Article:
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For decades, the assessment of educational entities--school systems, individual schools, and teachers--has evoked strong and sometimes violent emotions from the educational community, the general public, and their legislative representatives. In spite of attempts to codify standards for the evaluation of these entities, assessment experts remain denominationalized--often religiously so. Methods of assessment based on the use of standardized tests have come under intense fire in recent years with some critics going so far as to call for their complete elimination. Those who advocate alternative methods of assessment have become increasingly outspoken in establishing exclusive rights to the legitimate assessment paradigm. However, some of the most respected advocates of alternative assessment have taken a more moderate view, warning against an "either-or" mentality (Brandt, 1992, p. 35). Reflecting this more moderate perspective, this paper strongly advocates the use of multiple indicators of student learning, including those provided by standardized tests.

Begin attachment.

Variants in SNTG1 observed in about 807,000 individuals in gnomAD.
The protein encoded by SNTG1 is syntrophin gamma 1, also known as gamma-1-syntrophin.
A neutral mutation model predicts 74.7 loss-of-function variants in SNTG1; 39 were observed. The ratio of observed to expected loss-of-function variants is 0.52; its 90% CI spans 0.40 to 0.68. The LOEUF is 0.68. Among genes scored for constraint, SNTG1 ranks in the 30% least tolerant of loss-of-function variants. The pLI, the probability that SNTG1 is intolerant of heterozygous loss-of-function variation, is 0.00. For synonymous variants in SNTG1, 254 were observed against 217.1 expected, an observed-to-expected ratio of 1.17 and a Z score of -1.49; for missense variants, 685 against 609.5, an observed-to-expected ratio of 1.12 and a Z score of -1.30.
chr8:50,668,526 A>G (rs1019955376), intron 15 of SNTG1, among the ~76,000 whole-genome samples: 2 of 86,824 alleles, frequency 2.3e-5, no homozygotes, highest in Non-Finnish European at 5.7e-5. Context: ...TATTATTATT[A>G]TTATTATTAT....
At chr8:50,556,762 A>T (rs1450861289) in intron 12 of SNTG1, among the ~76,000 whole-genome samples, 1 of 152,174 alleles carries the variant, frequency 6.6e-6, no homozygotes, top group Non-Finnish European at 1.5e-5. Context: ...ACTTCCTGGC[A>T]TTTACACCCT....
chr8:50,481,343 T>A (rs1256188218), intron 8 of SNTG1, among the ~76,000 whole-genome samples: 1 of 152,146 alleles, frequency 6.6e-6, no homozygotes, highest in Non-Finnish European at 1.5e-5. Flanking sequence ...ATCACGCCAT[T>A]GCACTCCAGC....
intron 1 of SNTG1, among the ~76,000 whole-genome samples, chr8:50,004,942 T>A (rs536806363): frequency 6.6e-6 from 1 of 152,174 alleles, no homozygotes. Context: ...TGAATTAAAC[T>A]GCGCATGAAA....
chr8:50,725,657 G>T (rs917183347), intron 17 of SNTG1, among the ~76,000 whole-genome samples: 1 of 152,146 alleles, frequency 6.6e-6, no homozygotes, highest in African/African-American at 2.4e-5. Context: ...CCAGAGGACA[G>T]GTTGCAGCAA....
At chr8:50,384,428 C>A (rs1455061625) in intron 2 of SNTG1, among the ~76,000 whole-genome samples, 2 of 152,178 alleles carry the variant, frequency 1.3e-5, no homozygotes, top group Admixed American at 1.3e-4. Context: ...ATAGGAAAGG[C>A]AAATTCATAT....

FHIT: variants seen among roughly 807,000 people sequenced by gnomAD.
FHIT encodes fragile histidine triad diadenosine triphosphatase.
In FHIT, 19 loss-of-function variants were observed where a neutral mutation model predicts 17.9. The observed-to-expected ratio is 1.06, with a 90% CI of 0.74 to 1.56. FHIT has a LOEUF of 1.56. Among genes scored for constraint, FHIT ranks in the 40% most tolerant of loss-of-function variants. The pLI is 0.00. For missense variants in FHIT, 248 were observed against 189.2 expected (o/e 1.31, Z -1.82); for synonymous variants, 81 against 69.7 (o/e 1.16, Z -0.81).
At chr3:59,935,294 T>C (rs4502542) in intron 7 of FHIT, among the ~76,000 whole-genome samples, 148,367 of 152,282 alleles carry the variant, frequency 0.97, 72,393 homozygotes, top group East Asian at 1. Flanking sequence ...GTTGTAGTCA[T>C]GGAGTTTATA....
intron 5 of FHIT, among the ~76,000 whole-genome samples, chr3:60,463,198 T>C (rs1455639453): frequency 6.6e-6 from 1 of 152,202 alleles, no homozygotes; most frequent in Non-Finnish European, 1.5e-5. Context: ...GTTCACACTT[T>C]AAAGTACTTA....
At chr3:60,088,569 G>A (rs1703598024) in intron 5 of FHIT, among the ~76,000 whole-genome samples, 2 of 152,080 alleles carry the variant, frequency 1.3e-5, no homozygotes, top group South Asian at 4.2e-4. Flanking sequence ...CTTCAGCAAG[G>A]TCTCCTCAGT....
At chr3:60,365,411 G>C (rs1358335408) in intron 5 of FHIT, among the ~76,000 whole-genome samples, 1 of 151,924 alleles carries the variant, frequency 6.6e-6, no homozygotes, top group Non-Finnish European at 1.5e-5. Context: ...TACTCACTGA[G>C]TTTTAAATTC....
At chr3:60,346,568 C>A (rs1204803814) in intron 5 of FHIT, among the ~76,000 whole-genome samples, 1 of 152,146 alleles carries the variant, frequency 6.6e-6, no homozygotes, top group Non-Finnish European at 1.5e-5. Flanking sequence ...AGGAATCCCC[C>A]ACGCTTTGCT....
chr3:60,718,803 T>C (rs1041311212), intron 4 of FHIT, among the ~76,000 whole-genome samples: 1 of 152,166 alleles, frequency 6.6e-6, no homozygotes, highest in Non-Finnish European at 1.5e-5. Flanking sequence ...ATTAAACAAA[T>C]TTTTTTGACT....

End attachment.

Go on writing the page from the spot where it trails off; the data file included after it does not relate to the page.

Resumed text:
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How to Cite
Sanders, W. L., & Horn, S. P. (1995). Educational Assessment Reassessed. Education Policy Analysis Archives, 3, 6. https://doi.org/10.14507/epaa.v3n6.1995